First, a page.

How do Employers Reduce their Risk of a Tribunal Claim?
Steps to avoid a Tribunal… (reducing the risk, we cannot eliminate it!)
With the removal of Tribunal fees, the courts are reporting a three fold increase in Employment Tribunal claims coming through. These are set to increase. So how do employers reduce their risk of a Tribunal claim?
Have you reviewed your recruitment and selection practices. Do you know what the value set of the company is so that you can match that to the value set of the potential employee? Have you got effective questioning techniques? Do you use a comprehensive selection process or expect to get the right candidate after a 30 minute interview? If you don’t get your recruitment right, you might not get the right employees.
Most companies have a probation policy. Few managers really use it well. It is there to support new employees, and identify potential problems early. You can then find a way to solve those potential problems and help the employee to perform in the most appropriate way.
Good performance management is all about regular conversations and open and honest feedback. If you get it right, you will want to keep your employees. However, if they aren’t performing, probation is there for a reason.
It doesn’t take a genius to manage people well. You may not be best friends with every employee but they are all individual people. Take a walk in their shoes. If something isn’t going well, the best thing to do is to speak to the individual and ask why. Communication should never be underestimated. Good quality questioning in a non threatening environment will often elicit information that can help you support someone to get back on track.
Every company should have at the very least a good discipline, grievance and capability policy. Make sure all your managers understand those policies and all your employees have seen them. That way you can use them if you have to. We all have boundaries, and if someone steps out of line, the processes are there to be used. ACAS also has really good guidance. It is free and every employer should be knowledgeable having read it.
Company handbooks are really valuable. They should set out what is expected and how you will manage your teams. Off the shelf documents are not always helpful. You should ensure your handbook reflects you as an employer. That way you know you have been as clear as possible about how employees should behave.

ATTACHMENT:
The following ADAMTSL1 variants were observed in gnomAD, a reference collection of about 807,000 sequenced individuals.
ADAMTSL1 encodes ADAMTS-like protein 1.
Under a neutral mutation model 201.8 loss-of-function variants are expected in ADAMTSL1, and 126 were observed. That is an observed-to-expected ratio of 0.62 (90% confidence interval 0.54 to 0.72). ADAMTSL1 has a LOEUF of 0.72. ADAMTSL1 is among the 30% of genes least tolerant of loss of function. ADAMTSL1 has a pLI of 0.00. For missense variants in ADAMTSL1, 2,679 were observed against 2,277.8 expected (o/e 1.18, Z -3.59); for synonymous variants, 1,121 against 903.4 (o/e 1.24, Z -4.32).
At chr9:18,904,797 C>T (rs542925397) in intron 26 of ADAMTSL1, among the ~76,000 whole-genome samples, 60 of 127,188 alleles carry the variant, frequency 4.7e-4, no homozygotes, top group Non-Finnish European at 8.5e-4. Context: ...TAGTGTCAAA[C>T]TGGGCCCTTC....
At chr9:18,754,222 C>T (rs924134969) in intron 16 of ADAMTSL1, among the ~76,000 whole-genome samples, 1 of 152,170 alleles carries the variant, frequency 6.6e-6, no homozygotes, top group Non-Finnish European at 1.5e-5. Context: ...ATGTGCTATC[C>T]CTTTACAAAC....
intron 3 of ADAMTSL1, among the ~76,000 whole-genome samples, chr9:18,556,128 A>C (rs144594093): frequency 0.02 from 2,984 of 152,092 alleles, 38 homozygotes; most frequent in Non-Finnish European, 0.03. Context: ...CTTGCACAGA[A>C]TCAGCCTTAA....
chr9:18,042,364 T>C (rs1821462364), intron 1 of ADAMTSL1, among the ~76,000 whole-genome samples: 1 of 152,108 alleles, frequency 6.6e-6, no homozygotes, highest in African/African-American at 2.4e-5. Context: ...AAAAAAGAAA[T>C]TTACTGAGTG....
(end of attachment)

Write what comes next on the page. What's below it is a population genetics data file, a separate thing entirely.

Back to honest conversations. If something is wrong, don’t ignore it. Have the conversation. Make notes. Find solutions. If you need to act, do it and don’t be afraid.
Ensure you react and manage employees in a consistent way. Sometimes we like some people more than others, and that can impact on our objectivity. If you might not be objective, you are better to run your concerns by someone else.
Look at how you have reacted before in a similar situation previously. If someone else had behaved in the manner you are concerned about, would you have responded in the same way? Are you clear where the boundaries are and do all your employees understand them?
Individuals cannot claim unfair dismissal before they have 2 years’ service. This is the most common type of claim. If you have followed the steps I’ve mentioned, you will rarely be considering terminating the employment of someone with more than 2 years’ service unless it is for one of the 5 fair reasons to do so:
- a reason related to an employee’s conduct
- a reason related to an employee’s capability or qualifications for the job
- because of a redundancy
- because a statutory duty or restriction prohibited the employment being continued
- some other substantial reason of a kind which justifies the dismissal.
And that they acted reasonably in treating that reason as sufficient for dismissal.”
Be aware that with less than 2 years’ service, employees may have other legitimate claims such as discrimination, breach of contract or whistleblowing. If in doubt, take advice.
Occasionally an employee is such a risk to the success of the business that removing them is the right thing to do, even if it costs an initial financial outlay.
Settlement agreements can be used to preclude the majority of claims. It may cost the company up front, but we see companies that are far more successful having removed an individual sometimes…
If in doubt, ask. Advice is there if you need it. It’s always worth talking through the options.